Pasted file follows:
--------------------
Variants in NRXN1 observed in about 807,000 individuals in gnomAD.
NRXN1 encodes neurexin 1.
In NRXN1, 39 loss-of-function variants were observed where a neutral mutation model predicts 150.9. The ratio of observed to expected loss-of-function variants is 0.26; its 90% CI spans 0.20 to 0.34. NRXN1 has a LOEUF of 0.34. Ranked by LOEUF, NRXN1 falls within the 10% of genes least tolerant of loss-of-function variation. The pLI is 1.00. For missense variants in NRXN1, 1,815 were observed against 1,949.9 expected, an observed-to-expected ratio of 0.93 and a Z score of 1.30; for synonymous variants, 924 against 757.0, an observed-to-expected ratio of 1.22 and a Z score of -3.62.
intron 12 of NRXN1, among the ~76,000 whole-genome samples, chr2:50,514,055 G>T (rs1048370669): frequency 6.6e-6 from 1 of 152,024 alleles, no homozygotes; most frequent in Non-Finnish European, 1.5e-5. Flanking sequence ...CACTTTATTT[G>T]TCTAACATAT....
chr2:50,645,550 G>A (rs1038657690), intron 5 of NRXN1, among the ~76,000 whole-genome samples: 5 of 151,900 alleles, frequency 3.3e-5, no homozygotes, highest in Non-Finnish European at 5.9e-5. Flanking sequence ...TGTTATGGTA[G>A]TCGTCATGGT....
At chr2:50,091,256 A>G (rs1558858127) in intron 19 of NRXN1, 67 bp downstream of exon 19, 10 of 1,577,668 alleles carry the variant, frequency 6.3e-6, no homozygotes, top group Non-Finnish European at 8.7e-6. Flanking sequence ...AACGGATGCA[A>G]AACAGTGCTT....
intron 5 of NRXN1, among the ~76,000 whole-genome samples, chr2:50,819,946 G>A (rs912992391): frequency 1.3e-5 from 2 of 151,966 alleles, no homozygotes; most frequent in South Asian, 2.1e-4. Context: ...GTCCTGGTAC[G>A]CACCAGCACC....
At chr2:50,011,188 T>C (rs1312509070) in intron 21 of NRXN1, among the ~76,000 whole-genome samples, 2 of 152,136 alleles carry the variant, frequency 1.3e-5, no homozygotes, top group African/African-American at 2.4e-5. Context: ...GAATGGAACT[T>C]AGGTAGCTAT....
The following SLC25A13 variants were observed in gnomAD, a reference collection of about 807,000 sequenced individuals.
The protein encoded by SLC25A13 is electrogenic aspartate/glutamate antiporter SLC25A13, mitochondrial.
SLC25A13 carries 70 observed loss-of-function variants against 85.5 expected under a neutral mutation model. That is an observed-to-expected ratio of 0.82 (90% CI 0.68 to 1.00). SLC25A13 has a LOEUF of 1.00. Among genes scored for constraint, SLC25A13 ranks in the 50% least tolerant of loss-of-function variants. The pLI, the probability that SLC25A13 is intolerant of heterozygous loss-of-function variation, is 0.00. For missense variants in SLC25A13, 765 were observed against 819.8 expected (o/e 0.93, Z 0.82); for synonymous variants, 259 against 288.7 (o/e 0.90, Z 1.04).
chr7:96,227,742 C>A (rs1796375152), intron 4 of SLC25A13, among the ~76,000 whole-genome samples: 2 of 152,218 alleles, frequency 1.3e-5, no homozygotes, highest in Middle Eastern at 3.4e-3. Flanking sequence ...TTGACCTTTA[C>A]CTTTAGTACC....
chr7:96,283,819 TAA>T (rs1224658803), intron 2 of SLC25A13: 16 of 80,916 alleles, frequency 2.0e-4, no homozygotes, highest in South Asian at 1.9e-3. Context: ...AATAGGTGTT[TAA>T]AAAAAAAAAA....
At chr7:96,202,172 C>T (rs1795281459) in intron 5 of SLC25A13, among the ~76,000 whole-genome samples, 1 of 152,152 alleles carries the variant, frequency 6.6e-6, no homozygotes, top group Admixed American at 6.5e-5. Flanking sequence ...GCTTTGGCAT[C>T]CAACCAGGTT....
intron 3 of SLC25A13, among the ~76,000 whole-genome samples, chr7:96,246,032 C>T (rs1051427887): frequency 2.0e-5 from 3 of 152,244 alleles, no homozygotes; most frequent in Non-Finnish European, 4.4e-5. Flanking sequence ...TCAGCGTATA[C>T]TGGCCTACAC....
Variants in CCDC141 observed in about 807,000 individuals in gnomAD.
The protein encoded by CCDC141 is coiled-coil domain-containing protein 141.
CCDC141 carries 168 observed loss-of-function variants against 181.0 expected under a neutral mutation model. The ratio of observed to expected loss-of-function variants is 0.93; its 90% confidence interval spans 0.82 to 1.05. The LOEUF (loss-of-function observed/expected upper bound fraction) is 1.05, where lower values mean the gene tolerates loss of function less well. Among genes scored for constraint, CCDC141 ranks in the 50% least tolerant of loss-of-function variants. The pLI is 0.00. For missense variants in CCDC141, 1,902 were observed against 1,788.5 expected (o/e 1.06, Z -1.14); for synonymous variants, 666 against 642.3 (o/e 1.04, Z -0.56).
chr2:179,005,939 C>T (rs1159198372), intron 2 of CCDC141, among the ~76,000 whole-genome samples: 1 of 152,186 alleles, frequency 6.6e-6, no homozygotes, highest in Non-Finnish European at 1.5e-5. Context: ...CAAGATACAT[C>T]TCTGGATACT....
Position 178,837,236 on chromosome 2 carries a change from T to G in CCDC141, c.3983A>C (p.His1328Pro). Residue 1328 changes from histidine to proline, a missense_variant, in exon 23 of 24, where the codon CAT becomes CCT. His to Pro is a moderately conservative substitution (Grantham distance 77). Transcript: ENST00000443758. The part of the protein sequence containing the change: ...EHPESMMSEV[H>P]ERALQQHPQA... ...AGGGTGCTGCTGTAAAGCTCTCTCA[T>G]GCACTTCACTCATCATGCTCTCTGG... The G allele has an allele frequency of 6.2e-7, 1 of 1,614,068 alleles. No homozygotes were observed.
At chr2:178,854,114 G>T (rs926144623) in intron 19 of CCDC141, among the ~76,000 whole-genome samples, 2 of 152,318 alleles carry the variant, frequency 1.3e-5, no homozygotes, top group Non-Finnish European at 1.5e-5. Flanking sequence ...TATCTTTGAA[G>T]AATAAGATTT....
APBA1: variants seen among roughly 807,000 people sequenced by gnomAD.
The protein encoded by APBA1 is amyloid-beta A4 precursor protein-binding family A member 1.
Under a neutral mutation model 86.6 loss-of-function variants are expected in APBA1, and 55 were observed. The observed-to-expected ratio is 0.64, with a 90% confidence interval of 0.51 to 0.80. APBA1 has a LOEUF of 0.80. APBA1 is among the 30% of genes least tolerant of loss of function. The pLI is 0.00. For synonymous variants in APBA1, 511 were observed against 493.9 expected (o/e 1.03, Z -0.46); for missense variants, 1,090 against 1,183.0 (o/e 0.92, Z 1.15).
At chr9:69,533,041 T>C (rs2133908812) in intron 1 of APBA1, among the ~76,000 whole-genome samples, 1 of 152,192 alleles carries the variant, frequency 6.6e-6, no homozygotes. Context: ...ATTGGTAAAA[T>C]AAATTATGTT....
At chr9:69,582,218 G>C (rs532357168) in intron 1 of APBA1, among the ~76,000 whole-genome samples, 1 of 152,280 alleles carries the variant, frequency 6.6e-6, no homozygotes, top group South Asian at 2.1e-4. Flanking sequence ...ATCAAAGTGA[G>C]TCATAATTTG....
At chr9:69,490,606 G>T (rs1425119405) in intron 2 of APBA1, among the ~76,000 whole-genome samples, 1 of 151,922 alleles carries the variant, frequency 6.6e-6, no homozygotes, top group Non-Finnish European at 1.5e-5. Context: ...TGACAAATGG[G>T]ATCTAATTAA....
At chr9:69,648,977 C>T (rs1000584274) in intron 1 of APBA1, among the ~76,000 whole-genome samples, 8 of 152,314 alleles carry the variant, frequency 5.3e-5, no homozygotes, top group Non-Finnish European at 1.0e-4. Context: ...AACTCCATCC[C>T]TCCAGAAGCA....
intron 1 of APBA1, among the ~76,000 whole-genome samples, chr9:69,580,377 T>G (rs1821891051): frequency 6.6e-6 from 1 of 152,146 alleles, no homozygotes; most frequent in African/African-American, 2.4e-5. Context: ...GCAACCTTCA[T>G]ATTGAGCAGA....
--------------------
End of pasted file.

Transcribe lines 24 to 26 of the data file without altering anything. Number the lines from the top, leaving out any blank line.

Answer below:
Under a neutral mutation model 86.6 loss-of-function variants are expected in APBA1, and 55 were observed. The observed-to-expected ratio is 0.64, with a 90% confidence interval of 0.51 to 0.80. APBA1 has a LOEUF of 0.80. APBA1 is among the 30% of genes least tolerant of loss of function. The pLI is 0.00. For synonymous variants in APBA1, 511 were observed against 493.9 expected (o/e 1.03, Z -0.46); for missense variants, 1,090 against 1,183.0 (o/e 0.92, Z 1.15).
At chr9:69,533,041 T>C (rs2133908812) in intron 1 of APBA1, among the ~76,000 whole-genome samples, 1 of 152,192 alleles carries the variant, frequency 6.6e-6, no homozygotes. Context: ...ATTGGTAAAA[T>C]AAATTATGTT....
At chr9:69,582,218 G>C (rs532357168) in intron 1 of APBA1, among the ~76,000 whole-genome samples, 1 of 152,280 alleles carries the variant, frequency 6.6e-6, no homozygotes, top group South Asian at 2.1e-4. Flanking sequence ...ATCAAAGTGA[G>C]TCATAATTTG....